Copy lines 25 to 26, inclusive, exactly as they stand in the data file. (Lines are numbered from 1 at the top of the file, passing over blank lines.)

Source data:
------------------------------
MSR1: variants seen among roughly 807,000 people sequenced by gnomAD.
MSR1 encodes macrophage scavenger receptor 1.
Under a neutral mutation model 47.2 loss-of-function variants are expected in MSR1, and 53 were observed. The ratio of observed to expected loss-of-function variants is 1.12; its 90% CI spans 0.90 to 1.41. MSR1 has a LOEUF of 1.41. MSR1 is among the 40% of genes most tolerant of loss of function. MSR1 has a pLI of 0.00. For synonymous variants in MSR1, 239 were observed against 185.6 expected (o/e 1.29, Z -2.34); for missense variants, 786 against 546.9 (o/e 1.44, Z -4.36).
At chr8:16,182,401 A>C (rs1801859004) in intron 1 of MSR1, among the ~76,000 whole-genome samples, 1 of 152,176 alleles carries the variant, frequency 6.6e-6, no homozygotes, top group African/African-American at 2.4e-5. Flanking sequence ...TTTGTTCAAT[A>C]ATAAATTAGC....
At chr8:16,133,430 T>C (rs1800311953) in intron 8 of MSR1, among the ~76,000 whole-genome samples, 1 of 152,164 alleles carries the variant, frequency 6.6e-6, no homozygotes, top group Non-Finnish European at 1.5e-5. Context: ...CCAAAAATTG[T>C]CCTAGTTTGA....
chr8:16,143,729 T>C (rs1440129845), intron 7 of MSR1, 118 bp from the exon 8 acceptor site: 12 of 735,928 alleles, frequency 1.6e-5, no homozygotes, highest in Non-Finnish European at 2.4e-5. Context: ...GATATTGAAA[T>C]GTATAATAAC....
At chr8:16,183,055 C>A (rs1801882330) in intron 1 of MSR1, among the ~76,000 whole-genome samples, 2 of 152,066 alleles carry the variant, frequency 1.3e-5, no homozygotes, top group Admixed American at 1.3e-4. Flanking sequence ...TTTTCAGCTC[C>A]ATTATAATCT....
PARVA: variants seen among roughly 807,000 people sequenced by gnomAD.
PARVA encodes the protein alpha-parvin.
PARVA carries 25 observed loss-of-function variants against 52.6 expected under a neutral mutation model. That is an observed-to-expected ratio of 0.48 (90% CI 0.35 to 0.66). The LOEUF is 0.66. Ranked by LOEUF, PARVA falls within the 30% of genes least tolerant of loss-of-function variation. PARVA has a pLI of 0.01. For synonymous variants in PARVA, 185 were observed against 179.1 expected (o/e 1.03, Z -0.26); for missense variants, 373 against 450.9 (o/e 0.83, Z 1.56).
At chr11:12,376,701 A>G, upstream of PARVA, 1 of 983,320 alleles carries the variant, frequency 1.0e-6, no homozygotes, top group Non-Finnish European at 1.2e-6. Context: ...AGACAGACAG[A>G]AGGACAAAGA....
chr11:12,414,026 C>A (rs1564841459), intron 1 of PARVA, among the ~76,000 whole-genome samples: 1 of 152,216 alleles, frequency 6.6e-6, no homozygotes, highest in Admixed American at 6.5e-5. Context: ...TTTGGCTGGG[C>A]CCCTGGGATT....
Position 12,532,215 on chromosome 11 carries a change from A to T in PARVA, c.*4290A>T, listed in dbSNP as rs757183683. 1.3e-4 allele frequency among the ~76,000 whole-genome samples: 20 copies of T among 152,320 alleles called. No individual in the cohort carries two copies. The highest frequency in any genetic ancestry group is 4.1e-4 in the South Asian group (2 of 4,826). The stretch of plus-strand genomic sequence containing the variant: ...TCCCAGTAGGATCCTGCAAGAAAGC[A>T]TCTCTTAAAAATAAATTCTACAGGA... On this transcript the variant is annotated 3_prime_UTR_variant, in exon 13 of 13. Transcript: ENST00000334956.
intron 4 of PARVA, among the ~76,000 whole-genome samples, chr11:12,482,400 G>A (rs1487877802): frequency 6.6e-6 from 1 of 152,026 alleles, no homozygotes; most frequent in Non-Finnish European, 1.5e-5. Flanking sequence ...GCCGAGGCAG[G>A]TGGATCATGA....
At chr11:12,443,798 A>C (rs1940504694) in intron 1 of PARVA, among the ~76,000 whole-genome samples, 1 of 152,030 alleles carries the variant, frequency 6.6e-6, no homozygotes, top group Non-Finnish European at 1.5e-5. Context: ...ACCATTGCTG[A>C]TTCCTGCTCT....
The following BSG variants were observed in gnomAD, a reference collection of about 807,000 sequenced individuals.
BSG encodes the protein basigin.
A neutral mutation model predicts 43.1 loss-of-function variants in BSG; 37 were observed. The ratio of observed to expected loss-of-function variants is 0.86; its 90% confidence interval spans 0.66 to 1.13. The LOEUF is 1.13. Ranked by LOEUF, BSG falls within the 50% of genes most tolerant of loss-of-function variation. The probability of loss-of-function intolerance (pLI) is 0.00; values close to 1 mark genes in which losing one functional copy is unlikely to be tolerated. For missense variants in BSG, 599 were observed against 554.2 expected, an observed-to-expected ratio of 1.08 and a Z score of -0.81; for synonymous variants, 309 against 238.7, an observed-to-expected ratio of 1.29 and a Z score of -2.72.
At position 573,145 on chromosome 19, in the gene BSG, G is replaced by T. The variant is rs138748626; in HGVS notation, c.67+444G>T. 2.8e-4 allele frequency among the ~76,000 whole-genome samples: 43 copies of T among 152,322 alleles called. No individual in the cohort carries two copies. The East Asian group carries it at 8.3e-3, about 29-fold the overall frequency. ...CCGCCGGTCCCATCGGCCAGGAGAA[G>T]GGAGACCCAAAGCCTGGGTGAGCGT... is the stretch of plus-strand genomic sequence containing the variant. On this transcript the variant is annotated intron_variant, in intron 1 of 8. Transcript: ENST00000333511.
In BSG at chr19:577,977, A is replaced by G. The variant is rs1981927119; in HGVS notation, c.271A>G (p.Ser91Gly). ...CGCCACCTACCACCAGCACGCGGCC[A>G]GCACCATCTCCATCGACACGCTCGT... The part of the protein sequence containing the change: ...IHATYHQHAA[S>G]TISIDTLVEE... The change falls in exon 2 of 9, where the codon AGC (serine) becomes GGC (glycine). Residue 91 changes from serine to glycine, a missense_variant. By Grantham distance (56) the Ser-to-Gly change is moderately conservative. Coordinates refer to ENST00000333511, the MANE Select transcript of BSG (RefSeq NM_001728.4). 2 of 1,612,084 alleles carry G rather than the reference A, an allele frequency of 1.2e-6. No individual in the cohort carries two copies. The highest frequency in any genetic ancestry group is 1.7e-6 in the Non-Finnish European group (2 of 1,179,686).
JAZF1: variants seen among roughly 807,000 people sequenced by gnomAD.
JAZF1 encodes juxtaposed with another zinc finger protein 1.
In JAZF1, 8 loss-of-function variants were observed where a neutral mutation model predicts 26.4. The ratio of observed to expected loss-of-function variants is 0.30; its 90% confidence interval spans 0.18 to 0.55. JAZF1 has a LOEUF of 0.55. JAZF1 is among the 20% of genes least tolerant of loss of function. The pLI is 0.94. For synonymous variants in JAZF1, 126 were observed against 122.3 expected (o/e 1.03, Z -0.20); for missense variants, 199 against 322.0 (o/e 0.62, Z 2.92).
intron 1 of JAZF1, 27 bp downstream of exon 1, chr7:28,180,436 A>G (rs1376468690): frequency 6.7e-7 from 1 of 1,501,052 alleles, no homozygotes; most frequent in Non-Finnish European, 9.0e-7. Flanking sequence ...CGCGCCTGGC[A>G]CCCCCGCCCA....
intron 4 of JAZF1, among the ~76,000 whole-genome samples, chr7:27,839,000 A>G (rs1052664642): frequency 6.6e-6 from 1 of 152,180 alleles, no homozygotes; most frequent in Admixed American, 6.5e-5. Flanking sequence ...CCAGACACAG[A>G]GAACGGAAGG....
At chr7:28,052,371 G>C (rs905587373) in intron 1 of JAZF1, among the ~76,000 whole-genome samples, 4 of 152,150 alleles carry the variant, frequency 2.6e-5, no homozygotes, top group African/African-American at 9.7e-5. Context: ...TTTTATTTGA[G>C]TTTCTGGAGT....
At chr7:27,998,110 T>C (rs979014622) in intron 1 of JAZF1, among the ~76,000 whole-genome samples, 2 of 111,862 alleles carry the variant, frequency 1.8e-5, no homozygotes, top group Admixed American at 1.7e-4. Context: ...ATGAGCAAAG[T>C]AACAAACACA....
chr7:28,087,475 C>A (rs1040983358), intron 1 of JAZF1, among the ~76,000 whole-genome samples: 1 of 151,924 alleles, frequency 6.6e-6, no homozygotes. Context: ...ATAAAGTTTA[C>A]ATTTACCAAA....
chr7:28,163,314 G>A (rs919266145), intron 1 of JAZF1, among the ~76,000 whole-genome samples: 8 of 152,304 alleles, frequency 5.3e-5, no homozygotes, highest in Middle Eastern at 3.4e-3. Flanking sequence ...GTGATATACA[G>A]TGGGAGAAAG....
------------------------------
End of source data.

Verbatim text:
intron 4 of JAZF1, among the ~76,000 whole-genome samples, chr7:27,839,000 A>G (rs1052664642): frequency 6.6e-6 from 1 of 152,180 alleles, no homozygotes; most frequent in Admixed American, 6.5e-5. Flanking sequence ...CCAGACACAG[A>G]GAACGGAAGG....
At chr7:28,052,371 G>C (rs905587373) in intron 1 of JAZF1, among the ~76,000 whole-genome samples, 4 of 152,150 alleles carry the variant, frequency 2.6e-5, no homozygotes, top group African/African-American at 9.7e-5. Context: ...TTTTATTTGA[G>C]TTTCTGGAGT....